My next post is about a very interesting class:
Chaos Theory with Denny Gulick
You're probably wondering what we actually learn about in "chaos theory." The math behind chaos theory has to do mostly with iterated function systems. Meaning, if you have a function f(x) and an initial value x_0, then if you form the sequence x_1 = f(x_0), x_2 = f(x_1), x_3 = f(x_2) etc. you can look at properties of this sequence - whether it converges to one value, osciallates between two or more values, goes off to infinity, etc. Even simple functions like the logistic map (f(x) = kx(1-x) for a constant k) can produce very complicated behavior.
One interesting project we are doing is reading one of a selection of articles on applications of chaos theory, and writing a 1-2 page discussion of it. The article I chose is titled "Chaos on the Trading Floor" and is about the use of chaos theory to model the stock market. I imagine this is particularly relevant given the ongoing financial crisis.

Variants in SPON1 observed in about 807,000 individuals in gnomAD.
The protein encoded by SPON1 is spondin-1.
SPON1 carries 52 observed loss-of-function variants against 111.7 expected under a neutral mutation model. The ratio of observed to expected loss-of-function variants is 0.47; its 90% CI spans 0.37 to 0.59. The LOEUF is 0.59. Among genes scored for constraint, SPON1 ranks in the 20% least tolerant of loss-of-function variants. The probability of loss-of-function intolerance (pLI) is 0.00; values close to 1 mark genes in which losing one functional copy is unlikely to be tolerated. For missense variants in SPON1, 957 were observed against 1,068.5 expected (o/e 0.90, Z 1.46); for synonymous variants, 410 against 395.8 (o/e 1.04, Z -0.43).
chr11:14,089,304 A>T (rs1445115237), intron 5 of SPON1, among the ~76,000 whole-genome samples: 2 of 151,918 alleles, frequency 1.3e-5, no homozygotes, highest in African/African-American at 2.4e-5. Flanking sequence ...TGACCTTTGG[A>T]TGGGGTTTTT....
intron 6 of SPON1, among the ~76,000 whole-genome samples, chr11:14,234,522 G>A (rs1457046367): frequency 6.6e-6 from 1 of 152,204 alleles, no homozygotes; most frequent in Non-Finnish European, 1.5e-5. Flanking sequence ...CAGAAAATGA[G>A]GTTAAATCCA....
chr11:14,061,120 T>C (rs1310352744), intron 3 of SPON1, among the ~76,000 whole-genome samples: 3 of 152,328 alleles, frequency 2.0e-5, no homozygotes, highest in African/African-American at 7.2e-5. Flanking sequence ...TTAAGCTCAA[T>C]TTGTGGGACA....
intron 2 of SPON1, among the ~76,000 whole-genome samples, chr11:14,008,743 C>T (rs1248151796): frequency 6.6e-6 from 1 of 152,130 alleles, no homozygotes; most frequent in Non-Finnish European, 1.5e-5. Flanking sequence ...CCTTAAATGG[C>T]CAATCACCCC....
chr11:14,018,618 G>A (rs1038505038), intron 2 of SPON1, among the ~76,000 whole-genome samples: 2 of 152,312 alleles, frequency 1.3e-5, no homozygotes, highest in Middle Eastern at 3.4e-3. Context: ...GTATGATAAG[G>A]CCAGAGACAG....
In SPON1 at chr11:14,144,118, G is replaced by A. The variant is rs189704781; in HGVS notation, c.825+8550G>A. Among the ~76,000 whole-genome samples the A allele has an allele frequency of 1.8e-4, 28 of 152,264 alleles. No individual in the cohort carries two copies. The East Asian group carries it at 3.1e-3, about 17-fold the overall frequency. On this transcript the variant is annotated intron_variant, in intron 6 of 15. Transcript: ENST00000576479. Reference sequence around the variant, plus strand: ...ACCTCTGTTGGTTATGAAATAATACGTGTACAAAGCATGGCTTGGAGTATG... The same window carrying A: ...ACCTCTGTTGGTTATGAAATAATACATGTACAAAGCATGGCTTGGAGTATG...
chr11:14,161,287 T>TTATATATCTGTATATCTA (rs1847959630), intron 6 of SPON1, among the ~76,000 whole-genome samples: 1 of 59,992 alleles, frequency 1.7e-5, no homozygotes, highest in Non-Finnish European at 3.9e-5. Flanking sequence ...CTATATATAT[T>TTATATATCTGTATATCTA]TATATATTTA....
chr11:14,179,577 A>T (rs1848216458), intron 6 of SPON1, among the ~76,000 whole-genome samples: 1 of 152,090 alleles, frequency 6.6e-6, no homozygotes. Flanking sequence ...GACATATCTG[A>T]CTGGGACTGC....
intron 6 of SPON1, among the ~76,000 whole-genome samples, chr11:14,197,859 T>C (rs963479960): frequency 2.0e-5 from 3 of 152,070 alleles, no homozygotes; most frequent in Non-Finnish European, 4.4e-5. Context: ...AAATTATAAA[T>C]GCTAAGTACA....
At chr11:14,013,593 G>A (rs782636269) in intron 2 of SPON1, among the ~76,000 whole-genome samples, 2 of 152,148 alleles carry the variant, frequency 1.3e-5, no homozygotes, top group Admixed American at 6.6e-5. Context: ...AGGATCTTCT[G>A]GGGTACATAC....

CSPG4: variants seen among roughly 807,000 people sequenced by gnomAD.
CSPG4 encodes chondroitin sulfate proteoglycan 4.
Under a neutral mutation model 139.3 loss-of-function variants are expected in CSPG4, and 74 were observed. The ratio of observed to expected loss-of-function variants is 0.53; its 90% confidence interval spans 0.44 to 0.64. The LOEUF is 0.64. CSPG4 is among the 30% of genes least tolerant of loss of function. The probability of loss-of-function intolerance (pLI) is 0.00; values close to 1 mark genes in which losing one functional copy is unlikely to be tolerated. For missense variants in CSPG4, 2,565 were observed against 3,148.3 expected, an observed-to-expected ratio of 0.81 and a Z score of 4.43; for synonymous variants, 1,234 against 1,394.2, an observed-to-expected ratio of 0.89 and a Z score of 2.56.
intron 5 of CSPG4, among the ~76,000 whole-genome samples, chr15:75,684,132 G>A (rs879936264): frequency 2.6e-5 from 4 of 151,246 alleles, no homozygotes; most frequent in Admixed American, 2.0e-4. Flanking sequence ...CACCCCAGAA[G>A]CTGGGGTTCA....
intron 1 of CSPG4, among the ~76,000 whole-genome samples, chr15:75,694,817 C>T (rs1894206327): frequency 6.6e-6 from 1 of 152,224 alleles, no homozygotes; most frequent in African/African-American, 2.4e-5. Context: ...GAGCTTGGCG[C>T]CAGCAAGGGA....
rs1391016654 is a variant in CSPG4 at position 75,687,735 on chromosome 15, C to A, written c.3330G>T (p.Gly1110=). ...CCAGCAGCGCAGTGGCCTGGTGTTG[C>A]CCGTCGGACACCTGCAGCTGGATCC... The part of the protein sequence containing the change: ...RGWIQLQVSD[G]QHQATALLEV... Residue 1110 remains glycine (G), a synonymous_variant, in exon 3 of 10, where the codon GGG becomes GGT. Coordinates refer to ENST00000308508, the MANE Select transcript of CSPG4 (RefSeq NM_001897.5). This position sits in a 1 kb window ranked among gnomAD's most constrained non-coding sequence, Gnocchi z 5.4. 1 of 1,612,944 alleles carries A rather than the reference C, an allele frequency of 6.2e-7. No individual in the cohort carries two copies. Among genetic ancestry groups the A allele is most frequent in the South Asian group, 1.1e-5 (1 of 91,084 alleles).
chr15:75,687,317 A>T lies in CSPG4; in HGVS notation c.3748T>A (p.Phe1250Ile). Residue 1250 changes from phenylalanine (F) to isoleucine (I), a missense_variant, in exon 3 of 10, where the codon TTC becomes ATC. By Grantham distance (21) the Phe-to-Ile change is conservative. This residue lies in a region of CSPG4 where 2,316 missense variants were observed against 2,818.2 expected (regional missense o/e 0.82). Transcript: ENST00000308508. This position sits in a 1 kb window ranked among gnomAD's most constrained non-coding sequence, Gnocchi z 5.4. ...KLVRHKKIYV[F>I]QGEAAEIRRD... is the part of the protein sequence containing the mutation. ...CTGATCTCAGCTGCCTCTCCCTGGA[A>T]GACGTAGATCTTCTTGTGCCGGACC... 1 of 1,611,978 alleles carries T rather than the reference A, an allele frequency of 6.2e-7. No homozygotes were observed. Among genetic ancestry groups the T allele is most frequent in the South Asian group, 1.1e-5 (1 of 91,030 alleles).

Ironically, the use of mathematical techniques to model the stock market may have actually contributed to the financial crisis. According to Paul Krugman's book "The Return of Depression Economics and the Crisis of 2008," with the development of these techniques came the rise of hedge funds, which try to take advantage of statistical patterns in the stock market by making highly leveraged bets. This means for example that a hedge fund might start with $50 million in capital, then sell short (i.e. borrow and then sell) $950 million worth of one stock so they can buy $1 billion worth of another stock. This means that if the second stock goes up by 5%, they've doubled their money. Of course if it goes the other way around, then they lose all their money - and the people who they borrowed the original $950 million worth of stock from also lose money, because they're going to have a hard time getting their stock back. This kind of "ripple effect" was part of what made the financial crisis so severe.